NJFOG supports enacting a local law to strengthen open public meetings rules. NJFOG trustee John Paff presented the proposal to the Sussex Borough Council on February 24, 2015.
New Jersey Herald
Feb. 25, 2015
by Greg Watry
SUSSEX BOROUGH — There’s a tension between government expediency and democracy, according to John Paff, the treasurer of the New Jersey Foundation for Open Government.
“Essentially democracy dies when you close doors,” Paff said at Tuesday night’s Sussex Borough Council special meeting.
Paff presented the council with an administrative code meant to deter machine politics, bring the council more in line with the Open Public Meetings Act and increase government transparency.
Passed in 1975, the Open Public Meetings Act has no enforcement mechanism, Paff said. The New Jersey Foundation for Open Government, a nonprofit that is a member of the National Freedom of Information Coalition, would like to see a governing body self-impose a code to adhere to regarding meetings and other governmental processes, and it may have found that in the Borough Council.
Currently the borough follows Robert’s Rules of Order and has no other administrative code dictating meeting notices, agendas, audio recordings and minutes, among other items.
“I may not be here next year,” said Mayor Jonathan Rose, whose terms ends in December. He noted that it is prudent for the council to get an administrative code in place that will be in place for councils to come and ensure the public’s welfare.
Under the presented administrative code, the council would be required to announce each of its meetings 48 hours in advance prominently on the borough’s website. Meeting agendas, along with copies of each draft resolution, draft ordinance, draft bill or contract, item of correspondence or other documents that may be discussed at the meeting must also be made publicly available on the borough’s website.
Paff informed the council that it’s common for municipalities to add items on the agenda up until the commencement of the meeting. A lot of towns play games with the agenda, he said. Such actions catch the public by surprise and make it difficult to follow government actions.
“Sometimes in some towns they’re all together,” he said. “It’s the council against the people.” A fixed agenda is a powerful tool for the public, he said.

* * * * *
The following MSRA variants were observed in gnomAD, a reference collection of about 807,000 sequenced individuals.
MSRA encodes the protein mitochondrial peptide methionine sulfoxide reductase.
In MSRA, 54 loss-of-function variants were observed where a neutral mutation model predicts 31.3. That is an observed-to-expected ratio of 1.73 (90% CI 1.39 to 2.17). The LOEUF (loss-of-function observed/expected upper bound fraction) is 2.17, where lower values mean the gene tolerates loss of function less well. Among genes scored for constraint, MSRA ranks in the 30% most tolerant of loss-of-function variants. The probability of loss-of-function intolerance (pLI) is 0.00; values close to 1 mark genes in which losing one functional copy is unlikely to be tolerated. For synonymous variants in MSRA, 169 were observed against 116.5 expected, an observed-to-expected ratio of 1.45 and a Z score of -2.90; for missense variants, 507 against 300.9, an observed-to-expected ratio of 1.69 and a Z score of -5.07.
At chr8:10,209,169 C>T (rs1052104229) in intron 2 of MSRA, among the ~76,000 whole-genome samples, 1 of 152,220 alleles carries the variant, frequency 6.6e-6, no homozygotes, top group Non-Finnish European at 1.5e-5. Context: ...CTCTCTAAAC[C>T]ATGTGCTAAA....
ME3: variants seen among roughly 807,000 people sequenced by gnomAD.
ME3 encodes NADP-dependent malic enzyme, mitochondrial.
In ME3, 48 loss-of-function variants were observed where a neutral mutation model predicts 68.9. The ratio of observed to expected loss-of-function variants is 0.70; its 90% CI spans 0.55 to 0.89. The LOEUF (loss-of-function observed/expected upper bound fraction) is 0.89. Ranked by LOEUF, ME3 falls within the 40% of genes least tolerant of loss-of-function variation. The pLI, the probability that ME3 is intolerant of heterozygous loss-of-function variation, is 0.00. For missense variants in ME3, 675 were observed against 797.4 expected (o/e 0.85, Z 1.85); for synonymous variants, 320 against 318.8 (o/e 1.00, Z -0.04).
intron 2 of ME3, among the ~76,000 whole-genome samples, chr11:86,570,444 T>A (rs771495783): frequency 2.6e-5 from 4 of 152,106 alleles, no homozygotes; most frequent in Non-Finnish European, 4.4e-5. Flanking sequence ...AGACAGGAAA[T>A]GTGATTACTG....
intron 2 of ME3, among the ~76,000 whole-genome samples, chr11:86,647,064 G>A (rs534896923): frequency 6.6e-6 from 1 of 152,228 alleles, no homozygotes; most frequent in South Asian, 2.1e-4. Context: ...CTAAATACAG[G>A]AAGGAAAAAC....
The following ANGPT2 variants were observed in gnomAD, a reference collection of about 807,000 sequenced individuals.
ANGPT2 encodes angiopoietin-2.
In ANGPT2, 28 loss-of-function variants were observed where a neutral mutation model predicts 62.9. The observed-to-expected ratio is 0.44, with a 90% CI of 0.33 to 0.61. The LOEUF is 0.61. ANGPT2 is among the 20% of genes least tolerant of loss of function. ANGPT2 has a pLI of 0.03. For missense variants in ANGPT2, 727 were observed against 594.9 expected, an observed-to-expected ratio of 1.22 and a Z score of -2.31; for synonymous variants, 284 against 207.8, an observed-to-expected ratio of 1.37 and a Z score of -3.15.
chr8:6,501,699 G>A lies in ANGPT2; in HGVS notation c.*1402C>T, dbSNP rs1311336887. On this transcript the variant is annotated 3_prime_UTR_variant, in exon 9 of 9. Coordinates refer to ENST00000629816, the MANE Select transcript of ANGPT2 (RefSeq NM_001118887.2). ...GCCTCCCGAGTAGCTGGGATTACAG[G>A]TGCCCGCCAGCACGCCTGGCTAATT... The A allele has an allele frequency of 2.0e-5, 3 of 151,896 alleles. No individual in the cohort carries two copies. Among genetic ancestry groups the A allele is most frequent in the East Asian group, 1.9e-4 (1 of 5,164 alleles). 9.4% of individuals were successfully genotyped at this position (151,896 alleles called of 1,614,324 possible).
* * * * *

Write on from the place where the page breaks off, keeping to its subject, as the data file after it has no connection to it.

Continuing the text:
Currently, Sussex Borough Council members can add or subtract items from the agenda at the start of municipal meetings. That would no longer be the case if the proposed administrative code were to be enacted. Paff acknowledged that it may demand more time for the council where agenda-setting meetings would have to be put in place.
Councilman Mario Poggi brought up the fact that not everyone has the Internet and some may find it difficult to gain access to information online.
Paff responded that in 2015 the Internet is ubiquitous in most households, but the municipal clerk should have some hard copies of the agenda available for public consumption.
The borough would continue to make available audio recordings of meetings on the borough’s website, which it started doing in December. The code outlines that audio must be posted two business days after a council meeting.
“I think the need for comprehensive minutes lessens as long as there’s audio,” Paff said.
“That’s how we saw it,” Rose responded. “What we sought to do was within 48 hours get the audio up.”
Much discussion was spent on the detail and releasing of meeting minutes. According to the code, a meeting’s minutes would be released no later than 48 hours prior to the next regularly scheduled meeting or within 14 days, whichever is the longer period.
Paff suggested that the minutes function as a sort of table of contents of the meeting with time stamps accompanying each item that direct the reader to the exact point where the topic is discussed in the audio recording.
Councilwoman Katherine Little saw a problem with minutes being stripped down to the bare bones.
“What are we going to have for future generations?” she asked. “I think we need more information on those minutes.”
As per the proposed code, nonpublic meeting minutes would be reviewed semiannually with the potential for recently suppressed items to be disclosed to the public.
Additionally, prior to going into the executive session the council would be required to pass a resolution disclosing to the public as much information as possible about each matter that will privately discussed.
In an example, Paff said if an executive session was called due to a settlement regarding litigation between the borough and another party, it would not be wrong to reveal such matters to the public. Why not disclose the terms of the settlement offer if both parties are aware of the numbers, he said.
The council discussed at length if the administrative code applied to the Borough Council would also be applied to the council’s committees.
Little commented that such a move would be restraining.
“It’s just going to be very restrictive on the committees,” she said. “We’re being strangled here.”
“I see a very positive side to this,” council President Linda Masson said. “The committee will meet regularly and the public will be aware” of its actions.
The council discussed creating a transparency committee, which “shall be committed to improving access to government information, including financial information, by making it available online, indeed redefining ‘public’ information as meaning ‘online,’” according to the presented code.
Rose said the presented code has to be drafted into legal language, but hopefully the borough would be able to adopt the code in about a month’s time.
“I’ve never been in a council where people actually talk about this,” Paff said. “You’re blazing new territory here.”
Greg Watry also can be contacted on Twitter: @GregWatryNJH or by phone: 973-383-1184.